Background. Previous studies suggested that visual evoked potential (VEP) was impaired in patients with Parkinson's disease (PD), but the results were inconsistent. Methods. We conducted a systematic review and meta-analysis to explore whether the VEP was significantly different between PD patients and healthy controls. Case-control studies of PD were selected through an electronic search of the databases PubMed, Embase, and the Cochrane Central Register of Controlled Trials. We calculated the pooled weighted mean differences (WMDs) and 95% confidence intervals (CIs) between individuals with PD and controls using the random-effects model. Results. Twenty case-control studies which met our inclusion criteria were included in the final meta-analysis. We found that the P100 latency in PD was significantly higher compared with healthy controls (pooled WMD = 6.04, 95% CI: 2.73 to 9.35, P=0.0003, n=20). However, the difference in the mean amplitude of P100 was not significant between the two groups (pooled WMD = 0.64, 95% CI: -0.06 to 1.33, P=0.07) based on 10 studies with the P100 amplitude values available. Conclusions. The higher P100 latency of VEP was observed in PD patients, relative to healthy controls. Our findings suggest that electrophysiological changes and functional defect in the visual pathway of PD patients are important to our understanding of the pathophysiology of visual involvement in PD.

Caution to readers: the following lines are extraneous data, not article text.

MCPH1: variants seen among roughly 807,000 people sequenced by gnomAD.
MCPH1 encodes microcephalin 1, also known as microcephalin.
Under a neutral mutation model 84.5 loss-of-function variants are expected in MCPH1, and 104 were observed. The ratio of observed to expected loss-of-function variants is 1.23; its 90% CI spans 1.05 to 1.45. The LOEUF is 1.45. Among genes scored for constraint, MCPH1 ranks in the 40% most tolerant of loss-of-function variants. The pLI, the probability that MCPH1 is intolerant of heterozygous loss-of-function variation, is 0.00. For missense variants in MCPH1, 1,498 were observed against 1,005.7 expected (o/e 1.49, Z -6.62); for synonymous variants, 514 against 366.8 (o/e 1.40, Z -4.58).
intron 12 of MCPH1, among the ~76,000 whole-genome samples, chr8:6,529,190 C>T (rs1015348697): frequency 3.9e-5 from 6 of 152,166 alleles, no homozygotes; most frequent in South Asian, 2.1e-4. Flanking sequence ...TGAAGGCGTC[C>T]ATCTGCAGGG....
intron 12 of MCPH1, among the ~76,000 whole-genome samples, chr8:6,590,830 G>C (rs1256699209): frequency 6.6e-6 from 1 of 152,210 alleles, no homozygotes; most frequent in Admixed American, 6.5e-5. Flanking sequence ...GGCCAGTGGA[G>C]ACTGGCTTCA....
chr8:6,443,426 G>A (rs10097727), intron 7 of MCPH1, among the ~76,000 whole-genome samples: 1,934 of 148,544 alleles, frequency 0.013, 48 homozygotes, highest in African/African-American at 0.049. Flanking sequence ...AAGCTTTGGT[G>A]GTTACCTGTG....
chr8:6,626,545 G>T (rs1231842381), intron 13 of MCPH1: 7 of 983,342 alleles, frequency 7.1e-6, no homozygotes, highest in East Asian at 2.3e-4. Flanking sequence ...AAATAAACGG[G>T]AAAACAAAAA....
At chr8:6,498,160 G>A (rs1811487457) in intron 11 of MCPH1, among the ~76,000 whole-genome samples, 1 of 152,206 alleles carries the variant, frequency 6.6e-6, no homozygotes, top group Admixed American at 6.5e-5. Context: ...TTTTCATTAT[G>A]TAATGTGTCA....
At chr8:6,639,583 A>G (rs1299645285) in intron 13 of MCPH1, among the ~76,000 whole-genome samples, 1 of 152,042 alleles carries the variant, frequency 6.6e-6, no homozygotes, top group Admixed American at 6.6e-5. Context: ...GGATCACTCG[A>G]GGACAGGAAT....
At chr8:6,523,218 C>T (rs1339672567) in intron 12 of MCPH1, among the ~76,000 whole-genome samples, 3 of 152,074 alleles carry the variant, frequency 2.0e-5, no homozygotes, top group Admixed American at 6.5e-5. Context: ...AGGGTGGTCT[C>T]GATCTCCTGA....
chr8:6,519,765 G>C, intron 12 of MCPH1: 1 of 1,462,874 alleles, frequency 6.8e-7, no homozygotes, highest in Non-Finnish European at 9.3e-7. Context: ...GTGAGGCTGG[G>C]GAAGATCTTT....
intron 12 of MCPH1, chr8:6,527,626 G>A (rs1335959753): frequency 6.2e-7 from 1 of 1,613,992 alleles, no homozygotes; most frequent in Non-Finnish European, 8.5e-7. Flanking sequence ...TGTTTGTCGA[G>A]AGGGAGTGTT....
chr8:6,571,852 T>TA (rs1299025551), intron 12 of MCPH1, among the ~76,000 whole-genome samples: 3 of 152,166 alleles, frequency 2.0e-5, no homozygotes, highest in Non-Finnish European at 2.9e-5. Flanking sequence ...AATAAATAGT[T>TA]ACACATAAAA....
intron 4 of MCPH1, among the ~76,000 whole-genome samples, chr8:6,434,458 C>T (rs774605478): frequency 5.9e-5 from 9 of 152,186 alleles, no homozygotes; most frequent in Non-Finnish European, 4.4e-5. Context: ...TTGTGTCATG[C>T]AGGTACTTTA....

All Science Journal Classification (ASJC) codes
- Neuroscience (miscellaneous)
- Clinical Neurology
- Psychiatry and Mental health